A timeshare property is a vacation home that several people own together and share use of. For example, 50 people might each have a one-week timeshare in a condominium in Hawaii (with two weeks left vacant for maintenance, as is typical). In the United States, people who purchase timeshares usually get legal title to it with their name on the deed, along with other owners of the same unit/share.
As alluring as it can sound to own a timeshare in Hawaii or another resort location, cost can be an ongoing concern. Maintenance and other fees can be substantial and can go up over time. The family might get tired of the place (even Hawaii can get boring), and not want to spend their vacation at the same spot each year.
As a result, many timeshare owners eventually decide to sell their interests. They are legally entitled to do so any time, just like for any other real estate. Unfortunately, timeshares are almost always sold at a loss, because:
If you do manage to sell your timeshare, but at a loss, can you at least deduct the loss from your taxes? Unfortunately, the answer is usually no. Nevertheless, there are exceptions, which depend on how you used your timeshare.
A timeshare is considered a "personal use timeshare" if you used it exclusively as a vacation getaway for yourself and your family, relatives, and friends, or you left it vacant or exchanged its use with other timeshare owners. The great majority of timeshares fall into this category.
Losses from the sale of a personal use timeshare are deemed to be personal losses and are not deductible at all. End of story.
If a timeshare qualifies as rental property, losses incurred on its sale are deductible. However, this is rarely possible. A timeshare will qualify as a rental property only if:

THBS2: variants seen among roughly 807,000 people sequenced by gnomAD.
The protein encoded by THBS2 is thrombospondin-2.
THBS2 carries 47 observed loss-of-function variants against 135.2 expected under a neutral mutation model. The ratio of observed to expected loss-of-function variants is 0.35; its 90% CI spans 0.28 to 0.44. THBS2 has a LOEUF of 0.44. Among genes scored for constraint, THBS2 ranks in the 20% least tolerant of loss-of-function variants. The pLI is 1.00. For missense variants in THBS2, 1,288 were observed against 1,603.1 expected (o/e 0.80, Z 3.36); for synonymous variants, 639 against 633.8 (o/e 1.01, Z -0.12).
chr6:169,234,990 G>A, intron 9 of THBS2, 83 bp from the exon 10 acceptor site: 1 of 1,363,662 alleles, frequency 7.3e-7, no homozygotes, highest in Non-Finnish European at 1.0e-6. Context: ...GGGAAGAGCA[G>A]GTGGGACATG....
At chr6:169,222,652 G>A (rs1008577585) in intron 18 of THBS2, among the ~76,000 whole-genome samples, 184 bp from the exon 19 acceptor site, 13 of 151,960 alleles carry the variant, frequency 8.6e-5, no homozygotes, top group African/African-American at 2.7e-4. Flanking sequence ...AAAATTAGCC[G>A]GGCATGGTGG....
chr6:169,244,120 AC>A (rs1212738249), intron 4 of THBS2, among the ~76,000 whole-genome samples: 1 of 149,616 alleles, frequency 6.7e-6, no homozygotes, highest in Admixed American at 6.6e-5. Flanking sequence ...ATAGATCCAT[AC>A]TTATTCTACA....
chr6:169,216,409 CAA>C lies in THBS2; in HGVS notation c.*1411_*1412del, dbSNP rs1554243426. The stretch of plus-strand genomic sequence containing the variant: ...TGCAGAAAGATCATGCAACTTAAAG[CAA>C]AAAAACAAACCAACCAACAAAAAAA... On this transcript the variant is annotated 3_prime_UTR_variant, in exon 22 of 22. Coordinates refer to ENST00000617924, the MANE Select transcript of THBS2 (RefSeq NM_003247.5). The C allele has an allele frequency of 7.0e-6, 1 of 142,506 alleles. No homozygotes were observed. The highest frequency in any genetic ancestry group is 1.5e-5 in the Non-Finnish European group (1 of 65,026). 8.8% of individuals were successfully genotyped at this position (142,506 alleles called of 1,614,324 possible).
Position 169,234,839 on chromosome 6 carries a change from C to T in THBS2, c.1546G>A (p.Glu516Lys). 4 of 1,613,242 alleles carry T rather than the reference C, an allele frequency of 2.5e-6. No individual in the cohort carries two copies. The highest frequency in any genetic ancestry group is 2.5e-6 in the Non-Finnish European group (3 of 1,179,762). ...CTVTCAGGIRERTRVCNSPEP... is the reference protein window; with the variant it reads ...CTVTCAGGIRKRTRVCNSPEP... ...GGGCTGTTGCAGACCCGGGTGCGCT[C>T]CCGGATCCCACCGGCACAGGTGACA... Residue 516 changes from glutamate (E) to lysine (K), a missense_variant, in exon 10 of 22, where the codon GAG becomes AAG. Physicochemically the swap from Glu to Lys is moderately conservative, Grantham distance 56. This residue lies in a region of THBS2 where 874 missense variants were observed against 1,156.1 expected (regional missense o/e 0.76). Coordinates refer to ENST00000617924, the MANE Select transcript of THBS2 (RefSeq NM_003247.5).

When determining the rental and personal use days for the 15-day, 14-day, and 10% cutoffs, you must include the combined use of all the owners of the timeshare unit. The result is that personal use by any owner of a timeshare is considered personal use by all of the owners—for example, if you use your timeshare zero days, but the other owners use it 300 days, you have 300 days of personal use.
This makes it virtually impossible to satisfy the fewer-than-15-days or 10% personal use tests. For this reason, few timeshares can be classified as rental property.
You can deduct your losses when you sell a timeshare if it qualifies as a business timeshare. There are two ways to achieve this classification:
In either case, you must never have used the timeshare for personal purposes or rented it out.
If you used the timeshare as business lodging, you may deduct a loss when you sell it as a business lodging expense. But, if you want your timeshare to qualify as business lodging, you must:
For example, if you had a timeshare in Hawaii, you could have attended a business convention or business-related educational seminar there and stayed in your timeshare. You would need to have spent a majority of your days there engaged in a business activity. Be sure to keep careful records.